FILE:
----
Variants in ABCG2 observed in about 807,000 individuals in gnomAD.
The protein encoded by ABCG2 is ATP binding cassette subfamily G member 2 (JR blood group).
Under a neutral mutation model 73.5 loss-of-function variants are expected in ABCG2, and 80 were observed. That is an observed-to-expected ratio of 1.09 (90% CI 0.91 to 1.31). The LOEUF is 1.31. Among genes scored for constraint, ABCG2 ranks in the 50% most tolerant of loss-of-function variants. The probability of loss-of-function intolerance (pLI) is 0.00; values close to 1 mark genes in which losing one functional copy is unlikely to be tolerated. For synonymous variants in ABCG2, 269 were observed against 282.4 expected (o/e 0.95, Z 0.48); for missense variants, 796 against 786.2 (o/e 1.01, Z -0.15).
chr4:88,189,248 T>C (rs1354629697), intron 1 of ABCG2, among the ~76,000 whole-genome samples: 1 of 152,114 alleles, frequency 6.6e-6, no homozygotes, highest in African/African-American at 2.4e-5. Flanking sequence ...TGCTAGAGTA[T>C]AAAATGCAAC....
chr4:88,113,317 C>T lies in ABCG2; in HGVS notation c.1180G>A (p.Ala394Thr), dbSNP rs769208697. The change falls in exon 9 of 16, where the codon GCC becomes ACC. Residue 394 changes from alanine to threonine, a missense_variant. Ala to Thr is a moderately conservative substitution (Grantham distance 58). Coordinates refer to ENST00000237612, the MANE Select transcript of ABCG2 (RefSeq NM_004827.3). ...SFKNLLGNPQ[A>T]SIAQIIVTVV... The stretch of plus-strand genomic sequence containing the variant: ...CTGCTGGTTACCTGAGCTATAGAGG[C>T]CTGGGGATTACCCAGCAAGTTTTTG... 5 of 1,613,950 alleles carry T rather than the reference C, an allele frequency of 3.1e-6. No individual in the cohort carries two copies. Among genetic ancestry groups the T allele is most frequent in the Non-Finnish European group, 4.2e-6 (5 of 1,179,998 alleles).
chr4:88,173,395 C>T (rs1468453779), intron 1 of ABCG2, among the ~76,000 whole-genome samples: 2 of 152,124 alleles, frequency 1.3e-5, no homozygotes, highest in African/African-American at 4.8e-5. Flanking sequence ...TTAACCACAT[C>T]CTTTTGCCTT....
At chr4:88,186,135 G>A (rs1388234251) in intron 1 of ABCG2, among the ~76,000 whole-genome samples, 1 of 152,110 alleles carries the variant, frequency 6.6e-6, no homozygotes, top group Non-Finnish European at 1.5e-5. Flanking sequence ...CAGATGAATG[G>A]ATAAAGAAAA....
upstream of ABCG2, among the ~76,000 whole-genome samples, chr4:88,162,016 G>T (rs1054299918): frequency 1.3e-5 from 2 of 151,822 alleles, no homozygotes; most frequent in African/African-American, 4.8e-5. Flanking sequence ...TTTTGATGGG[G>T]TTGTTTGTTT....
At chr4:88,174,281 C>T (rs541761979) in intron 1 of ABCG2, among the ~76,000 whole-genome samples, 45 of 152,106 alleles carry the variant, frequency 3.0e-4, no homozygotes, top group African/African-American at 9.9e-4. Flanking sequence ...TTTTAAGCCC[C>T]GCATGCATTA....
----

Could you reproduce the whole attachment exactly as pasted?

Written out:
Variants in ABCG2 observed in about 807,000 individuals in gnomAD.
The protein encoded by ABCG2 is ATP binding cassette subfamily G member 2 (JR blood group).
Under a neutral mutation model 73.5 loss-of-function variants are expected in ABCG2, and 80 were observed. That is an observed-to-expected ratio of 1.09 (90% CI 0.91 to 1.31). The LOEUF is 1.31. Among genes scored for constraint, ABCG2 ranks in the 50% most tolerant of loss-of-function variants. The probability of loss-of-function intolerance (pLI) is 0.00; values close to 1 mark genes in which losing one functional copy is unlikely to be tolerated. For synonymous variants in ABCG2, 269 were observed against 282.4 expected (o/e 0.95, Z 0.48); for missense variants, 796 against 786.2 (o/e 1.01, Z -0.15).
chr4:88,189,248 T>C (rs1354629697), intron 1 of ABCG2, among the ~76,000 whole-genome samples: 1 of 152,114 alleles, frequency 6.6e-6, no homozygotes, highest in African/African-American at 2.4e-5. Flanking sequence ...TGCTAGAGTA[T>C]AAAATGCAAC....
chr4:88,113,317 C>T lies in ABCG2; in HGVS notation c.1180G>A (p.Ala394Thr), dbSNP rs769208697. The change falls in exon 9 of 16, where the codon GCC becomes ACC. Residue 394 changes from alanine to threonine, a missense_variant. Ala to Thr is a moderately conservative substitution (Grantham distance 58). Coordinates refer to ENST00000237612, the MANE Select transcript of ABCG2 (RefSeq NM_004827.3). ...SFKNLLGNPQ[A>T]SIAQIIVTVV... The stretch of plus-strand genomic sequence containing the variant: ...CTGCTGGTTACCTGAGCTATAGAGG[C>T]CTGGGGATTACCCAGCAAGTTTTTG... 5 of 1,613,950 alleles carry T rather than the reference C, an allele frequency of 3.1e-6. No individual in the cohort carries two copies. Among genetic ancestry groups the T allele is most frequent in the Non-Finnish European group, 4.2e-6 (5 of 1,179,998 alleles).
chr4:88,173,395 C>T (rs1468453779), intron 1 of ABCG2, among the ~76,000 whole-genome samples: 2 of 152,124 alleles, frequency 1.3e-5, no homozygotes, highest in African/African-American at 4.8e-5. Flanking sequence ...TTAACCACAT[C>T]CTTTTGCCTT....
At chr4:88,186,135 G>A (rs1388234251) in intron 1 of ABCG2, among the ~76,000 whole-genome samples, 1 of 152,110 alleles carries the variant, frequency 6.6e-6, no homozygotes, top group Non-Finnish European at 1.5e-5. Flanking sequence ...CAGATGAATG[G>A]ATAAAGAAAA....
upstream of ABCG2, among the ~76,000 whole-genome samples, chr4:88,162,016 G>T (rs1054299918): frequency 1.3e-5 from 2 of 151,822 alleles, no homozygotes; most frequent in African/African-American, 4.8e-5. Flanking sequence ...TTTTGATGGG[G>T]TTGTTTGTTT....
At chr4:88,174,281 C>T (rs541761979) in intron 1 of ABCG2, among the ~76,000 whole-genome samples, 45 of 152,106 alleles carry the variant, frequency 3.0e-4, no homozygotes, top group African/African-American at 9.9e-4. Flanking sequence ...TTTTAAGCCC[C>T]GCATGCATTA....